IF YOU’RE RUNNING a business, you know that advice can be plentiful and well-meaning. Unfortunately, it can often be off track — or downright faulty.
As a result, finding the right professionals to help guide you and provide counsel as you build your small company can be one of the most important things you do as a businessperson. And one of the most critical relationships for any small business owner is the one you build with your financial adviser.
It’s no secret that the line between small business owners’ personal and corporate lives is razor-thin, or has even completely disappeared. I speak from experience — my husband Richard and I own JNBA Financial Advisors, a 25-person company that my mother-in-law started 40 years ago.
It’s been such a big part of our lives for decades and our business often blurs into our personal time. We’re more than comfortable with that. It works for us and helps us focus on what our clients need, which is a big part of the value we provide as business leaders. That’s equally true about your financial life, and why it couldn’t be more important to find a trusted financial adviser to help you and your family navigate both sides of the coin — personal and business — since they’re so connected.
As you’re considering a wealth management firm or advisor, ask these four critical questions.
? ? ? 1. What’s your philosophy on small business financial planning?
When working with small business owners, do you advise on both their business’ finances as well as their personal wealth management? Do you offer services that are tailormade for small business owners? Many financial planners are well-versed in areas of concern for business people, but they may not have expertise in advising small business owners on their unique challenges and considerations. Some of these may include exploring retirement savings options available to business owners, building a safety net for your family and your business simultaneously, giving back to your community, creating a legacy for the next generation and developing an exit strategy. A long-term financial partner with small business experience can help you plan for the most important aspects of both your business and the rest of your life.
? ? ? ?2. How are you compensated?
Does the firm or adviser make a commission on the recommended investments placed in your portfolio? How much are you paying in commissions and/or fees for the services provided?
Make sure to understand potential conflicts of interest and determine if you feel the adviser is always objective. By definition, a Registered Investment Advisor is held to a fiduciary standard and has a fundamental obligation to provide advice that is always in their clients’ best interests. And being “independent” means there is no tie to a family of funds or investment products of a larger institution, further removing the potential for conflicts of interest.
? ? ? ? ? 3. How well will you work with my other professional partners?
The more successful you and your small business are, the more you’ll find that a team of trusted advisers is key to sustaining that growth. And the right financial adviser can bring together and ensure that all of the key members of your team — including accountants, attorneys, real estate agents and business consultants — are integrated, aligned and pointed in the same direction to achieve your goals and objectives.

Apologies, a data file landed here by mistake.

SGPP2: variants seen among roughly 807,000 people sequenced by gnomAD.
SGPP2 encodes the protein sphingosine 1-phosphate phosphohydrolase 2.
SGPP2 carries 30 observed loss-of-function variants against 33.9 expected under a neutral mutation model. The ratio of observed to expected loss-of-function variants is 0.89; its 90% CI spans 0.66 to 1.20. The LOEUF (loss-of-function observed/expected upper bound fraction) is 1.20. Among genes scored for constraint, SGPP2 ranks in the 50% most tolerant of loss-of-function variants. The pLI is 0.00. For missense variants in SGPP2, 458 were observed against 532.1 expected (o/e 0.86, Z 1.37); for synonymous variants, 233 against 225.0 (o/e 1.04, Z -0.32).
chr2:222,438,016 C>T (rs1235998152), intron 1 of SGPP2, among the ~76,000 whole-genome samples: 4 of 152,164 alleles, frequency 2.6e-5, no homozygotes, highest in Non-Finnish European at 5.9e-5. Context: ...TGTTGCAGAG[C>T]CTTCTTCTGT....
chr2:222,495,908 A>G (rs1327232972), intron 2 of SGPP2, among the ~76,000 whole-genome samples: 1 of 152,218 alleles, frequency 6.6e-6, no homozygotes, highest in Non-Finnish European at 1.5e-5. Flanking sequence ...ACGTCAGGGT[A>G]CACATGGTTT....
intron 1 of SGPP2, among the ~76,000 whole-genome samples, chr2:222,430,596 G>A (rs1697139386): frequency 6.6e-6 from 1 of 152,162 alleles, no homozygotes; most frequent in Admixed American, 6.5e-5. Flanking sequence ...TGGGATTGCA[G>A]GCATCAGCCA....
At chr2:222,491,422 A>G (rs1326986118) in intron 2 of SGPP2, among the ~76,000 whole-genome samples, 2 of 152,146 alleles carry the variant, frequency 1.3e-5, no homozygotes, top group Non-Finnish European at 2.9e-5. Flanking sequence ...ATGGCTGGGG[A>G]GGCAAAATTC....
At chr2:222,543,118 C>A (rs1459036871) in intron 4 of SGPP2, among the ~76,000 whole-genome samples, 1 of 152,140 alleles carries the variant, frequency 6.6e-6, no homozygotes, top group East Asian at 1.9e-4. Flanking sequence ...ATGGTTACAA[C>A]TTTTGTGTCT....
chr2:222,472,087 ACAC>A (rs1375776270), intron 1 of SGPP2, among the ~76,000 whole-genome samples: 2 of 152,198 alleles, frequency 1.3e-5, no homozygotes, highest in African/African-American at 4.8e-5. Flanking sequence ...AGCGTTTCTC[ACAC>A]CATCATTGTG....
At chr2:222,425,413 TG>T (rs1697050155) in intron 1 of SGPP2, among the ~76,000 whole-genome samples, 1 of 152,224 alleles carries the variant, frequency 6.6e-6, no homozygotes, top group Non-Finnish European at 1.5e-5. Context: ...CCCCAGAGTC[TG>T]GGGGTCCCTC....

Look for someone experienced in taking the reins and acting as your “personal CFO” to ensure that everyone on the team is working together with an eye on both short- and long-term financial, professional and personal goals. Having a trusted adviser who is able to oversee and help hold the variety of professionals you work with accountable and on track is important. For small business owners, it’s especially critical when multiple professionals are working together to develop a succession plan or tax strategy, for instance.
? ? ? ? ? ? ?4. Will you advocate for me?
An advocate is someone who’s always on your side of the table, always looking out for your best interests, and who will act accordingly. I believe it’s critically important to find an adviser who acknowledges that every person, family and business is unique, with different needs, challenges and opportunities — and who will always, without exception, act in your best interest.
For example, several years ago, our firm worked with a woman who had managed a real-estate business with her husband for decades. After her husband died and left her as the sole partner in the business, she was approached by one of her associates. He was a property manager looking for additional funding to keep a construction project moving.
JNBA looked into the request and quickly determined that the man had a history of poor management. But the client explained that her late husband had known the man since he was a child and would have wanted to give him the money. So, we proposed a way to help fulfill her husband’s wishes while protecting her interests, and laid out a plan that held the property manager to a number of conditions. The property manager had no choice but to agree to the terms. Our client was happy with the compromise, and her associate committed himself to a sensible budget and completed the construction.
Helping people navigate situations like this is why we got into this business in the first place — to be an advocate for people and to help guide them through life’s most important decisions. A trusted, objective third-party can remove the emotion from a situation, helping to sidestep the things that keep many of us awake at night — fear, uncertainty, lack of confidence.
The answers you receive to these important questions will go a long way toward helping you choose a partner who is aligned with your values and priorities, and who can help you — and your business — succeed.
Kim Brownis president of JNBA Financial Advisors: 952.844.0995;